Northwestern University Feinberg School of Medicine is fully accredited by the American Board of Genetic Counseling (ABGC) and enrolls approximately 12 students per year. The program is 18 months long. Students are enrolled for six ten-week quarters; three academic quarters their first year (Fall, Winter, Spring), one summer quarter and two academic quarters their second year (Fall and Winter). Students graduate in mid-March, which is earlier than many other genetic counseling programs. Many of our students feel that this early graduation date gives them a jump start on the job search and a competitive edge over other graduates.
The curriculum is designed to emphasize the scientific and medical aspects of the profession, along with the counseling and psychosocial aspects. Students begin their clinical rotations during the winter quarter of the first year. Early clinical placements allow the students to quickly apply and reinforce the concepts they learn in the classroom. In addition, Northwestern has a strong research component, requiring a written thesis and oral defense.
The program will provide each student with the knowledge and experience to become a creative, independent, and competent genetic counselor. Upon graduation, students will have:
- Mastery of genetic concepts, including the molecular basis of inheritance, quantitative genetics, and principles of risk assessment
- Knowledge of the etiology and natural history of many genetic disorders
- Ability to conduct a genetic counseling session by assessing the patient's needs and concerns, performing a genetic risk assessment, communicating appropriate genetic and medical information, providing supportive counseling and assisting the family in obtaining necessary services and support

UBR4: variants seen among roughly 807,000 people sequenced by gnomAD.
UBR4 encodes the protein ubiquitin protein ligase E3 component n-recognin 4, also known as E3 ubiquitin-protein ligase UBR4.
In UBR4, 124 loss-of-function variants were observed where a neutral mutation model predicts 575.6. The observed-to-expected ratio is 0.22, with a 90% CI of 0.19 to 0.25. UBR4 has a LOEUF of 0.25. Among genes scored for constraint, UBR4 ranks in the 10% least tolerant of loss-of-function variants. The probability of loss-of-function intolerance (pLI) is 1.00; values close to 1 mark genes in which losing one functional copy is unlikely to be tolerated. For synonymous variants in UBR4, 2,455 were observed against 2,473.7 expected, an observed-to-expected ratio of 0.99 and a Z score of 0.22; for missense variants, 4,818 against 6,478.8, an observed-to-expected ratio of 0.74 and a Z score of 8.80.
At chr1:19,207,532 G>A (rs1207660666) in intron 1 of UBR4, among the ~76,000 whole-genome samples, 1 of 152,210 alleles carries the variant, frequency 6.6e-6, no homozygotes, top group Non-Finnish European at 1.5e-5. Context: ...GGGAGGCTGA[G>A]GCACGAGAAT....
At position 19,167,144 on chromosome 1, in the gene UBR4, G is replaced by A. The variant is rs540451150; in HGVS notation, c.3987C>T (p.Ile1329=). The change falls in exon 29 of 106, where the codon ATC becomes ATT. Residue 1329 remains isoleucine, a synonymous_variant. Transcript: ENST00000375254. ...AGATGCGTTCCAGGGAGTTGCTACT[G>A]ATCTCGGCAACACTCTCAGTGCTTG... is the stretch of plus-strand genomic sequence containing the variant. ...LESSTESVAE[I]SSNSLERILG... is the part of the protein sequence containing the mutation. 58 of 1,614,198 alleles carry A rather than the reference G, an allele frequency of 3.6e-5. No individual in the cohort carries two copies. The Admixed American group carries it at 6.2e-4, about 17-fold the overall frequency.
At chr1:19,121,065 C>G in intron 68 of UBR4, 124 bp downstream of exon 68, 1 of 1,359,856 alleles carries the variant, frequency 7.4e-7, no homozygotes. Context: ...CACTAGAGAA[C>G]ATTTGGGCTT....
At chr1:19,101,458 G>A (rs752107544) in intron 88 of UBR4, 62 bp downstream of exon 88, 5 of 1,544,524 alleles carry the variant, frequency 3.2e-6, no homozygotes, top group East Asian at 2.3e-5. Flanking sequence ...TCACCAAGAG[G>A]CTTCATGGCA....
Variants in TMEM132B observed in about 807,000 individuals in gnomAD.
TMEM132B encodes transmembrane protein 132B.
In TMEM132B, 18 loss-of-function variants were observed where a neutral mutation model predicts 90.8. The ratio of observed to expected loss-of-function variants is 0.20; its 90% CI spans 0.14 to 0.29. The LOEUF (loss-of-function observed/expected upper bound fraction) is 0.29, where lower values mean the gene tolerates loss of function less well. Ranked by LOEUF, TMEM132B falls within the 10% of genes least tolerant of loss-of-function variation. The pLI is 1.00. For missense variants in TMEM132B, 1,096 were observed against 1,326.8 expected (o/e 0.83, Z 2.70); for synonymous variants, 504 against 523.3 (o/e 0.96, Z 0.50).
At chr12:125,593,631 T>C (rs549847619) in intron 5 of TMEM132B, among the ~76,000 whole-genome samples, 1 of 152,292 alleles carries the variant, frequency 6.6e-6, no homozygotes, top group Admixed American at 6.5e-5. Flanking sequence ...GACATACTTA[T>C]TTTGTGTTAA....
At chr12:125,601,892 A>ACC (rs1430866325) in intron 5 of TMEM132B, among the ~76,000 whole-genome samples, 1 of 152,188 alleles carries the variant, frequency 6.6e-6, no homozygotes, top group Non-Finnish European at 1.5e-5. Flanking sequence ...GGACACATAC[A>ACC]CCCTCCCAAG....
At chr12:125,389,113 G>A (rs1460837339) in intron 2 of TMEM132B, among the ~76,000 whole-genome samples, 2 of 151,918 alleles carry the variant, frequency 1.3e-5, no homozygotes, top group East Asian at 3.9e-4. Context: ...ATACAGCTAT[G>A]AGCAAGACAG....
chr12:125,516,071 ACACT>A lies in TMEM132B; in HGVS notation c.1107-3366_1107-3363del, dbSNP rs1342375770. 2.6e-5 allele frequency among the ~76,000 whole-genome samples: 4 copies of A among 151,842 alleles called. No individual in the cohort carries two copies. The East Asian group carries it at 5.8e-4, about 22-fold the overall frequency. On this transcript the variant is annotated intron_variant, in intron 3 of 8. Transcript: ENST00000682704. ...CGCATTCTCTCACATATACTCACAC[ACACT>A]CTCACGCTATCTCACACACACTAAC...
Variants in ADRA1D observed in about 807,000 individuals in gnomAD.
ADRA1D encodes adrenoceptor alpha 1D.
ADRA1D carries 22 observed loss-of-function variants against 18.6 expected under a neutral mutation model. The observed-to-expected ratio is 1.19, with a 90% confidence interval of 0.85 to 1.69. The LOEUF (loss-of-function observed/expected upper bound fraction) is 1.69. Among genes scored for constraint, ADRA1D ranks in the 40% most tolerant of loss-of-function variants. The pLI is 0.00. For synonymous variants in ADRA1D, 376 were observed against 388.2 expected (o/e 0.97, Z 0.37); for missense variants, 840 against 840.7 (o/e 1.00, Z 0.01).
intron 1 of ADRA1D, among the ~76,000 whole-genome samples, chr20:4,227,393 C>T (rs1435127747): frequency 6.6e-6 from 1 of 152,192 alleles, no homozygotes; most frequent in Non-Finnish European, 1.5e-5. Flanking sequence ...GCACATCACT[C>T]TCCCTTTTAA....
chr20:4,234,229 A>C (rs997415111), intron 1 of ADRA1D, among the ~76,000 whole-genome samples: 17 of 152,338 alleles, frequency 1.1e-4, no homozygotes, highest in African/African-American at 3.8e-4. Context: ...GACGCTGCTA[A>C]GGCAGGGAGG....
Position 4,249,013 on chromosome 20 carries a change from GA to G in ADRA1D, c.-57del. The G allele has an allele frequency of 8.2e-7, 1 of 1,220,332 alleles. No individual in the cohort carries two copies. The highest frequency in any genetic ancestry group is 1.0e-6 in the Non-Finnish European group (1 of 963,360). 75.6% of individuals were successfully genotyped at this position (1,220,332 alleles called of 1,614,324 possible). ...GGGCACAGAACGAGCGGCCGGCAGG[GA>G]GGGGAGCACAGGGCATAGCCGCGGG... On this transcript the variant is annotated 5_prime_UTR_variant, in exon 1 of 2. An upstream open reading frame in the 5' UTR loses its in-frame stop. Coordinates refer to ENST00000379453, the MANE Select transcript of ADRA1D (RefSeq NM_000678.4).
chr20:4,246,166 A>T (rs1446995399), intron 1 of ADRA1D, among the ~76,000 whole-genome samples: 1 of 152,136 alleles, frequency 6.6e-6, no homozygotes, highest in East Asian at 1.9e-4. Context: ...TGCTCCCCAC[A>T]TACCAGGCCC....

- Experience conducting a research project, from study design to oral defense
- Awareness of local, state, and national resources designed to assist patients and professionals and knowledge of ethical and legal issues as related to genetic counseling
- Psychosocial and ethnocultural sensitivity to families or individuals with genetic disorders
- Familiarity with genetic literature, including the ability to perform library research, critically evaluate scientific publications, and assist in clinical research
Our program also emphasizes the importance of exposing students to renowned medical experts, both through conferences and on-campus lectures. All second-year students at Northwestern attend the National Society of Genetic Counselors' Annual Education Conference, funded by the program. Locally, students are also encouraged to participate in available conferences, including the Genetic Task Force of Illinois' Annual Symposium. In addition to the formal conferences, the program's proximity to the medical school and affiliated hospitals and care sites allows students to attend grand rounds and many academic lectures on campus.